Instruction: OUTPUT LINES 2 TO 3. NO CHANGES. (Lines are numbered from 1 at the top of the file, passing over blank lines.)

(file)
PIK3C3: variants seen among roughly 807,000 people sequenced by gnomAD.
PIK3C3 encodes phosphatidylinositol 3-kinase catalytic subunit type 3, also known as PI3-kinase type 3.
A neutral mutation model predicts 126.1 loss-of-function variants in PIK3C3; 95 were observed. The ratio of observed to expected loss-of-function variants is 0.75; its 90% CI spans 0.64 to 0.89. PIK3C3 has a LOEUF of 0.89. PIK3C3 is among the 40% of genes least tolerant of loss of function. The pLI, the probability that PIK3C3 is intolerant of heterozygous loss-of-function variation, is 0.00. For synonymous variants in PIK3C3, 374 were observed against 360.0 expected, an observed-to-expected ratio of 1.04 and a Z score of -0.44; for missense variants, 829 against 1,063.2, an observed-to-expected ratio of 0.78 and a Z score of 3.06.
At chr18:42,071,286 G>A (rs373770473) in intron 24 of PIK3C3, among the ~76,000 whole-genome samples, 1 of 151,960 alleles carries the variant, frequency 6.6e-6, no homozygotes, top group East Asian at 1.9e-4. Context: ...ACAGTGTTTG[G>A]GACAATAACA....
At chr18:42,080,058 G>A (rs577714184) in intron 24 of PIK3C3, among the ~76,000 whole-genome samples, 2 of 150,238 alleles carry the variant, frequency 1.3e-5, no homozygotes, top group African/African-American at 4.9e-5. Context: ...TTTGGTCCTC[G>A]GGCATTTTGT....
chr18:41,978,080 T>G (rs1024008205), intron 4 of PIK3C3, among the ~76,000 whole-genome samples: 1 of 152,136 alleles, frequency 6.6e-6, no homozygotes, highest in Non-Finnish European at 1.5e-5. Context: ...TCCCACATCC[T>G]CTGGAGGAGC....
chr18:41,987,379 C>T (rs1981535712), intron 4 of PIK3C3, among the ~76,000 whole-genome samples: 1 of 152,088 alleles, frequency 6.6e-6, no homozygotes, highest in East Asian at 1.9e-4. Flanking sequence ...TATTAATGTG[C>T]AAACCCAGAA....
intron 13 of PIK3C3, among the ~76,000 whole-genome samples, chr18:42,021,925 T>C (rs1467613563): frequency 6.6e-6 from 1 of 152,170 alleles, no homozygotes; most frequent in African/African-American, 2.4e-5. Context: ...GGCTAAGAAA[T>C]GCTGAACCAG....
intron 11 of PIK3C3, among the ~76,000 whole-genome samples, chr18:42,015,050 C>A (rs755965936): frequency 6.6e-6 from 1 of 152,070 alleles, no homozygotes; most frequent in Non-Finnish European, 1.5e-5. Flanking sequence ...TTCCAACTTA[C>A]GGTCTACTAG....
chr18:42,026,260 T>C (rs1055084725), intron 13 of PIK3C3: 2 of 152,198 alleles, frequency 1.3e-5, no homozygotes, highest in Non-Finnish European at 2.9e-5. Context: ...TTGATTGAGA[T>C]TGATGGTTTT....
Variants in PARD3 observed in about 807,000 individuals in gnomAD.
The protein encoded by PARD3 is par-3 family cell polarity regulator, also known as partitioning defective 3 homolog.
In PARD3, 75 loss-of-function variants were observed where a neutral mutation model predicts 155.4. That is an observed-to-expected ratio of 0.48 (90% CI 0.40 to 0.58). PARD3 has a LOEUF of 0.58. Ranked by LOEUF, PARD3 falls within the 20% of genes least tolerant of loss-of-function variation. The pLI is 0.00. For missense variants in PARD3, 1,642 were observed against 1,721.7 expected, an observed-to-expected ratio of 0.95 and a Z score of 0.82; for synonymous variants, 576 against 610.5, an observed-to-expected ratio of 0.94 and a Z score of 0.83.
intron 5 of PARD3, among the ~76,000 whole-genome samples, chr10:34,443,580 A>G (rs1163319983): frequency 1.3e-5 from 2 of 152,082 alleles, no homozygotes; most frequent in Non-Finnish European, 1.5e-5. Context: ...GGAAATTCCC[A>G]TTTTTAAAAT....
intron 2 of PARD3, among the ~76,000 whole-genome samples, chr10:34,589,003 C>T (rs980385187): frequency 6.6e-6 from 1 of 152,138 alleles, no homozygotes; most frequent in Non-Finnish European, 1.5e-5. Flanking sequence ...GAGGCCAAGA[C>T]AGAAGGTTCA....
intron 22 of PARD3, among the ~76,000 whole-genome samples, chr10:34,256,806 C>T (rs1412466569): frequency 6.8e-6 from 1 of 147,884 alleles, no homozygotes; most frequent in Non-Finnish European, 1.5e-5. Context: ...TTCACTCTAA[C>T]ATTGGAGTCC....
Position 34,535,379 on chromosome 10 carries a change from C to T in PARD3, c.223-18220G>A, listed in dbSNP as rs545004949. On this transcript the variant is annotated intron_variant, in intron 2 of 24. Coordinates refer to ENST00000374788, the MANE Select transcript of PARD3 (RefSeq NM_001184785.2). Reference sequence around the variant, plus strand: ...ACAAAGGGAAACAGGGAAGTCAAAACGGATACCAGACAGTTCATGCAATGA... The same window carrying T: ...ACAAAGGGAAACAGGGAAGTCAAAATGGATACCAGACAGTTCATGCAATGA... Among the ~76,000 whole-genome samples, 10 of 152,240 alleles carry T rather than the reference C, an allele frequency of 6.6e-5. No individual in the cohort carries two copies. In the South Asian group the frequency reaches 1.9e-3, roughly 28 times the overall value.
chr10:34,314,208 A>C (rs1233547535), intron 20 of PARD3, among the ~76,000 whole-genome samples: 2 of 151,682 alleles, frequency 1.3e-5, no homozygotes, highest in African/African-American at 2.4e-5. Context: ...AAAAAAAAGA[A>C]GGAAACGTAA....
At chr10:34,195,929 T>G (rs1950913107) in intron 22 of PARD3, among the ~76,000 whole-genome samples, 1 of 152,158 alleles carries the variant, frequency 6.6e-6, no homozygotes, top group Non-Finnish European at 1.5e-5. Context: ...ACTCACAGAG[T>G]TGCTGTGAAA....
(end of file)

PIK3C3 encodes phosphatidylinositol 3-kinase catalytic subunit type 3, also known as PI3-kinase type 3.
A neutral mutation model predicts 126.1 loss-of-function variants in PIK3C3; 95 were observed. The ratio of observed to expected loss-of-function variants is 0.75; its 90% CI spans 0.64 to 0.89. PIK3C3 has a LOEUF of 0.89. PIK3C3 is among the 40% of genes least tolerant of loss of function. The pLI, the probability that PIK3C3 is intolerant of heterozygous loss-of-function variation, is 0.00. For synonymous variants in PIK3C3, 374 were observed against 360.0 expected, an observed-to-expected ratio of 1.04 and a Z score of -0.44; for missense variants, 829 against 1,063.2, an observed-to-expected ratio of 0.78 and a Z score of 3.06.